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What It's Like to Go Clubbing When You Have Asperger's What It's Like to Go Clubbing When You Have Asperger's

Illustration by Rose Wong

What It's Like to Go Clubbing When You Have Asperger's

Dec 22 2015

Since being diagnosed with an autism spectrum disorder as a teenager, I've felt like I've hit a lot of milestones slower than other people. Those include most things in the realm of "going out"—and now I'm trying to catch up.

I love routines. One of them is going to good restaurants. So I stop for food like always as I walk home on a Wednesday night. I always order the same thing, eaten while staring blankly ahead. I realize I do not look excited. But I am. I've looked forward to this all day.

This particular joint is open all night and next to some bourgie clubs in the Meatpacking District. I've been planning to find someone who could get me into them, but right now I've got on a lime green Fitbit and my cowlicks are sticking straight out. I sit at the bar looking blithely disheveled with my food arranged protectively in front of me.

The guy sitting across from me is hot. I eye him discreetly. (At least I hope it's discreet. During my freshman year of college, someone wrote on my dry erase board in permanent marker, Stop Staring At Me.)

The girl next to me—I've never met her—leans over and purrs, "Do you find him attractive?"

I nod.

"Why don't you talk to him?"

"I have a boyfriend," I tell her. So she starts talking to him. They sometimes look towards me, indicating that I'm part of the conversation. I feel a giddy little jolt in my chest.

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Here's the thing about my social life: It happens to me. It always has. I was diagnosed with Asperger's syndrome, an autism spectrum disorder, as a teenager. People with Asperger's have trouble picking up social cues and being in touch with our emotions; we also process information intellectually rather than intuitively. I feel like I've hit a lot of milestones slower than other people, and those include most things in the realm of "going out."

The girl, Felicity, is headed to the club. In shorts, which means she's a regular. She seems young, but I look at her neck and her hands and I see she's about my age—we're both near the end of our clubbing years. She doesn't want to give it up because she's been doing this forever; I don't want to give it up because I haven't gone out enough.

The first time I went "clubbing" per se was at this grungy local bar in my college town. It was the only game in town. I went with a friend who had autism, and there weren't any lines or anything. During a college summer program I did in New York, I managed to get myself out a lot, but I didn't know enough to know that the sceney clubs weren't the right place for me. I found a hippie dive bar back home, and I was happy. People liked me a lot there. They weren't put off by my spacing out or taking frequent bathroom breaks because I get sensory overload in crowds and need a couple of minutes alone. I made a lot of friends. But I still never quite felt like I could connect to most of them fully. Every so often an overtly charismatic person will befriend me because they think I'm honest, or funny, or just a weird, fascinating anomaly. When I hang out with them life feels heightened somehow. Non-autistic people (or "neurotypicals") seem like they're part of some vast shared consciousness that my friends—most of whom are like me—and I just can't see.

To me, "great" feels like "accepted"—it's like having crossed a barrier.

Felicity says she knows the owners here, but she sounds kind of blank; I smile and nod as I realize I don't believe anything she's said so far. This is a big deal for me—five years ago I couldn't point out when someone was lying. Not consciously anyway. I do get vibes from people, like everyone does, but I can't usually figure out why.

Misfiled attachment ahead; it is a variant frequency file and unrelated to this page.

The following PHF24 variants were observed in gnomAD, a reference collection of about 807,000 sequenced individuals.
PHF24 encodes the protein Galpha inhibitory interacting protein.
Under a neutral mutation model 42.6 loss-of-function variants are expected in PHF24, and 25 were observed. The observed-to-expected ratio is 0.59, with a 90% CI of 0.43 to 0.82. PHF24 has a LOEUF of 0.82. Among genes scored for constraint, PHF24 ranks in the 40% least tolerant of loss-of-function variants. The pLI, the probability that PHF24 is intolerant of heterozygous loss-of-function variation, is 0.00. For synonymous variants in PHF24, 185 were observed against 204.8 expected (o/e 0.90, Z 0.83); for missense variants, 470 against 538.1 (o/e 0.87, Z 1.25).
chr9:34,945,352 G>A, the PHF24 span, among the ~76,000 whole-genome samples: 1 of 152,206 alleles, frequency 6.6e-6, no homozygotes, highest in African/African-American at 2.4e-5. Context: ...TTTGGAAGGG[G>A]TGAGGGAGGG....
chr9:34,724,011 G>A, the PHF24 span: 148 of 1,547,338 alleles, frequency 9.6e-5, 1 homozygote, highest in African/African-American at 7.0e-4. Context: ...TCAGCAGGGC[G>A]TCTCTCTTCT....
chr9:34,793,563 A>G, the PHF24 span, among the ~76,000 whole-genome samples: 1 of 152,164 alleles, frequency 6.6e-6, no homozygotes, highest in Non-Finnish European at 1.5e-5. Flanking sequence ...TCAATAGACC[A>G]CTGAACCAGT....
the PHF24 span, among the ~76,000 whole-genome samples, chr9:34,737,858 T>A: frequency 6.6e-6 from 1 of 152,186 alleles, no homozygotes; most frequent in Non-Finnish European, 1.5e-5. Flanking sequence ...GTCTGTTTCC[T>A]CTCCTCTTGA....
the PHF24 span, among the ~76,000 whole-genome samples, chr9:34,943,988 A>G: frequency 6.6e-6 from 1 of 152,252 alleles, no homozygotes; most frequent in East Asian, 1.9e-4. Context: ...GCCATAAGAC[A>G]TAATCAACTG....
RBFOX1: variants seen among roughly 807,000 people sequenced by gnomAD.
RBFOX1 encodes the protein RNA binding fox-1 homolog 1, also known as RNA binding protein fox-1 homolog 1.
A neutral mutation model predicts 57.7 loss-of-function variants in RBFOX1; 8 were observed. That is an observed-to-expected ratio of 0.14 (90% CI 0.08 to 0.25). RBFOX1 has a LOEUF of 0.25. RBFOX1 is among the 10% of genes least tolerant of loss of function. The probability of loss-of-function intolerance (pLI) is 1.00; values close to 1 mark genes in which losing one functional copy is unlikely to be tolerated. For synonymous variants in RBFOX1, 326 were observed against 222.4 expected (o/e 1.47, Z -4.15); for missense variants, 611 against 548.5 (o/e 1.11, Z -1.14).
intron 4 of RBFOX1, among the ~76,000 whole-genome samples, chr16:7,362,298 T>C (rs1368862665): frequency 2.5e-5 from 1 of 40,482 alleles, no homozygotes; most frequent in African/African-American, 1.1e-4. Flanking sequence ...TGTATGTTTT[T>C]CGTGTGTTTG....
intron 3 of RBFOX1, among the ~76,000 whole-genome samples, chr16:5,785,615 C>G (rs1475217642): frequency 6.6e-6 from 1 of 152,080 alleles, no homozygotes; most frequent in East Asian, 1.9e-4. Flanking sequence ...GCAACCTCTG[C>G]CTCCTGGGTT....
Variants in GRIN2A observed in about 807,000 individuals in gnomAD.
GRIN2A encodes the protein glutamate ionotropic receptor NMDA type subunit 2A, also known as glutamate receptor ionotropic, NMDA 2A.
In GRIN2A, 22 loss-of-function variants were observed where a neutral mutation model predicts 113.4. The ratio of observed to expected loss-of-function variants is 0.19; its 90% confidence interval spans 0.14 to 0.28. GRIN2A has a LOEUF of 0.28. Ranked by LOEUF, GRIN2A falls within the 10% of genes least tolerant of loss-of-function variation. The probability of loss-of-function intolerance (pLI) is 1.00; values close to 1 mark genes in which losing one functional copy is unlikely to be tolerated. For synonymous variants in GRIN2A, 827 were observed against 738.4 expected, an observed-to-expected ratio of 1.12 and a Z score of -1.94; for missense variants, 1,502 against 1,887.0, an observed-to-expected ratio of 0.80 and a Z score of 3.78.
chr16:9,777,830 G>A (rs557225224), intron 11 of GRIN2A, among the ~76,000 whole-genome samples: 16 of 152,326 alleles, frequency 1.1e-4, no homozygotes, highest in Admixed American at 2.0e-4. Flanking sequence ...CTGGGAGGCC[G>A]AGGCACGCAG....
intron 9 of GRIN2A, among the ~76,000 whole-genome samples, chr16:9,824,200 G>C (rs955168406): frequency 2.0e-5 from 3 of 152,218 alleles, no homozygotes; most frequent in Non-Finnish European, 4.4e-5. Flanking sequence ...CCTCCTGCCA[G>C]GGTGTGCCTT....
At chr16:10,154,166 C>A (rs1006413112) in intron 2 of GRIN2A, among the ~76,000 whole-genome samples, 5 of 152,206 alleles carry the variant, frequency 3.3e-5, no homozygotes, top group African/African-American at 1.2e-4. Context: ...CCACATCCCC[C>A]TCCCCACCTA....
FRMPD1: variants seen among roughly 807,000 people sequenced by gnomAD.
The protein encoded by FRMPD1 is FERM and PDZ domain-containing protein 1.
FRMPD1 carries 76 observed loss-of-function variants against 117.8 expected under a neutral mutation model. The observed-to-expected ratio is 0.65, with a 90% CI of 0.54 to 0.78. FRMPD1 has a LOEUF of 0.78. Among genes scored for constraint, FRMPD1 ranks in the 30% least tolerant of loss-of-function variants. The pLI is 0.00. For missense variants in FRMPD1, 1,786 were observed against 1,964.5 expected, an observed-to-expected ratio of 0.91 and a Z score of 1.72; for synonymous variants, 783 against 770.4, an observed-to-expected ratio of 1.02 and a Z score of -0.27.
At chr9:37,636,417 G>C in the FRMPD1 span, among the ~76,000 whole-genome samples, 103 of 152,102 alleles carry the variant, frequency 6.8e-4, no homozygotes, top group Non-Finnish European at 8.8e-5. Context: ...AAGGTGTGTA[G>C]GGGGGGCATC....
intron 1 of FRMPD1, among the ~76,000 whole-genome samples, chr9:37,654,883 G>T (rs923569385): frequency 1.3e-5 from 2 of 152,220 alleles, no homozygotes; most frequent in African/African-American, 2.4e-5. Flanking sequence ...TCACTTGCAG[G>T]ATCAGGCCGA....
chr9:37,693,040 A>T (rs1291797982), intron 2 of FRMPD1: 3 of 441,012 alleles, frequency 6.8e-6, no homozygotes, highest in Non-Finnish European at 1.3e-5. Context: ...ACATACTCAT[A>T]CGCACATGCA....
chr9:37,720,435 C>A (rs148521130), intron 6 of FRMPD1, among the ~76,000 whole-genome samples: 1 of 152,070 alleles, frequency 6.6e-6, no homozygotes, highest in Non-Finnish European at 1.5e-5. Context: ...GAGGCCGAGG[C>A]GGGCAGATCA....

The guy reaches across her and holds his phone in front of my face. It says, "everything this girl is saying smells like bullshit."

I don't know why he's so angry about it though. That's the thing about neurotypicals: They're so proud. For all their pompously wielded social skills they don't seem to understand the nature of flaws.

Underneath that he's typed, "I like your dress."

I do have a boyfriend. He's from my support group.

I type my number into the hot guy's phone.

Felicity keeps talking to me. I can tell she thinks I'm an ingénue. She might like an ingénue around—people like feeling important. I'm going to play this role until I'm too old to pull it off anymore.

"You wanna come out with me?" she asks.

Score.

"Are you sure we're gonna get in?" I ask.

"You're beautiful," she assures me as she lights up a Parliament. I'm wearing a Betsey Johnson sundress and sneakers.

"But my shoes," I say.

"What about them?"

"They're floral."

Felicity gives me the once-over. Yes, she confirms, I have to do something about these shoes. (I leave my Fitbit on. I know it looks lame and self-conscious, but like many women on the spectrum I have issues with weight and self-image. I don't mind wearing them on my sleeve.) I take off my socks and put them in my backpack. I tuck my shoelaces under my feet.

"See," she says, "you're cool! You knew to do that!" She tells me how retro is taken for granted now.

I like her. The guy who likes my dress is still at the bar, seeming annoyed. I look away as I tell him I don't get out much. (I must be the queen of mixed signals.) Later tonight I'll see his text: "i thought u were one of the good ones. Guess not."

That's another mistake neurotypicals make. People assume that because someone is "awkward," she's a good person. Or not good so much as being the absence of bad—like we don't have the wit to be bad. I resent this. I've never connected with the disabled-person-as-victim narrative.

I'm nervous about these bouncers, though. A lot of people don't notice that my body language is odd, but I imagine anyone working for an Empire of Cool is going to pick up on it immediately. But Felicity knows them, and they look me over and let me in. She takes my arm the way a top-hatted gentleman would have brought me to a big band show.